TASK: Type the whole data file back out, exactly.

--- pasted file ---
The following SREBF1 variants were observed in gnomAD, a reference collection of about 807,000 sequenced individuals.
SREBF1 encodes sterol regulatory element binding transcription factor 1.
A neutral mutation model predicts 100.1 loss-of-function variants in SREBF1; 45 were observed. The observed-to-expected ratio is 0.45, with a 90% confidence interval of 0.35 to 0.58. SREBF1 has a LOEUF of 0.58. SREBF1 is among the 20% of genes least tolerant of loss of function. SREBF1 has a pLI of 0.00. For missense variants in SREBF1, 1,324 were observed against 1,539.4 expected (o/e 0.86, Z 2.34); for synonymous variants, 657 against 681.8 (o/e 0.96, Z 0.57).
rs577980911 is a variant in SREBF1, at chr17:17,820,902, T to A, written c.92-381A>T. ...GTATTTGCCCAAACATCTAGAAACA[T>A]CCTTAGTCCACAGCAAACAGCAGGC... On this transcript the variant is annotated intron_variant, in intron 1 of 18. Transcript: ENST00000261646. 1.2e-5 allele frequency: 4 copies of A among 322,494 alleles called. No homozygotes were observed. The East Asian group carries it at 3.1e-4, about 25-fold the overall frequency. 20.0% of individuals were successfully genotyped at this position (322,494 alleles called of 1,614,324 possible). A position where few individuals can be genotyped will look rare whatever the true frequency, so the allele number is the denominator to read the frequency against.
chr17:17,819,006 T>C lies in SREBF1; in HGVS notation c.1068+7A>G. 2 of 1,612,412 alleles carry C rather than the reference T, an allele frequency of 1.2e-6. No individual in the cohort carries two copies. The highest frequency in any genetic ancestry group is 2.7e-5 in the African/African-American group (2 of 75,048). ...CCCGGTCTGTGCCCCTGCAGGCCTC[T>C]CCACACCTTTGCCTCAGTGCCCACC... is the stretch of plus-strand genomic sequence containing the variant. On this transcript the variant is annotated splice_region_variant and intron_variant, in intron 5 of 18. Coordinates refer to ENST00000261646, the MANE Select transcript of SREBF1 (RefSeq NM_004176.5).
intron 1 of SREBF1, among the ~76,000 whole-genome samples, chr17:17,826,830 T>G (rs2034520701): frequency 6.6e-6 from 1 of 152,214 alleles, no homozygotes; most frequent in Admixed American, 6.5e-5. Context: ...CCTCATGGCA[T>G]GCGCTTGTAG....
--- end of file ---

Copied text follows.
The following SREBF1 variants were observed in gnomAD, a reference collection of about 807,000 sequenced individuals.
SREBF1 encodes sterol regulatory element binding transcription factor 1.
A neutral mutation model predicts 100.1 loss-of-function variants in SREBF1; 45 were observed. The observed-to-expected ratio is 0.45, with a 90% confidence interval of 0.35 to 0.58. SREBF1 has a LOEUF of 0.58. SREBF1 is among the 20% of genes least tolerant of loss of function. SREBF1 has a pLI of 0.00. For missense variants in SREBF1, 1,324 were observed against 1,539.4 expected (o/e 0.86, Z 2.34); for synonymous variants, 657 against 681.8 (o/e 0.96, Z 0.57).
rs577980911 is a variant in SREBF1, at chr17:17,820,902, T to A, written c.92-381A>T. ...GTATTTGCCCAAACATCTAGAAACA[T>A]CCTTAGTCCACAGCAAACAGCAGGC... On this transcript the variant is annotated intron_variant, in intron 1 of 18. Transcript: ENST00000261646. 1.2e-5 allele frequency: 4 copies of A among 322,494 alleles called. No homozygotes were observed. The East Asian group carries it at 3.1e-4, about 25-fold the overall frequency. 20.0% of individuals were successfully genotyped at this position (322,494 alleles called of 1,614,324 possible). A position where few individuals can be genotyped will look rare whatever the true frequency, so the allele number is the denominator to read the frequency against.
chr17:17,819,006 T>C lies in SREBF1; in HGVS notation c.1068+7A>G. 2 of 1,612,412 alleles carry C rather than the reference T, an allele frequency of 1.2e-6. No individual in the cohort carries two copies. The highest frequency in any genetic ancestry group is 2.7e-5 in the African/African-American group (2 of 75,048). ...CCCGGTCTGTGCCCCTGCAGGCCTC[T>C]CCACACCTTTGCCTCAGTGCCCACC... is the stretch of plus-strand genomic sequence containing the variant. On this transcript the variant is annotated splice_region_variant and intron_variant, in intron 5 of 18. Coordinates refer to ENST00000261646, the MANE Select transcript of SREBF1 (RefSeq NM_004176.5).
intron 1 of SREBF1, among the ~76,000 whole-genome samples, chr17:17,826,830 T>G (rs2034520701): frequency 6.6e-6 from 1 of 152,214 alleles, no homozygotes; most frequent in Admixed American, 6.5e-5. Context: ...CCTCATGGCA[T>G]GCGCTTGTAG....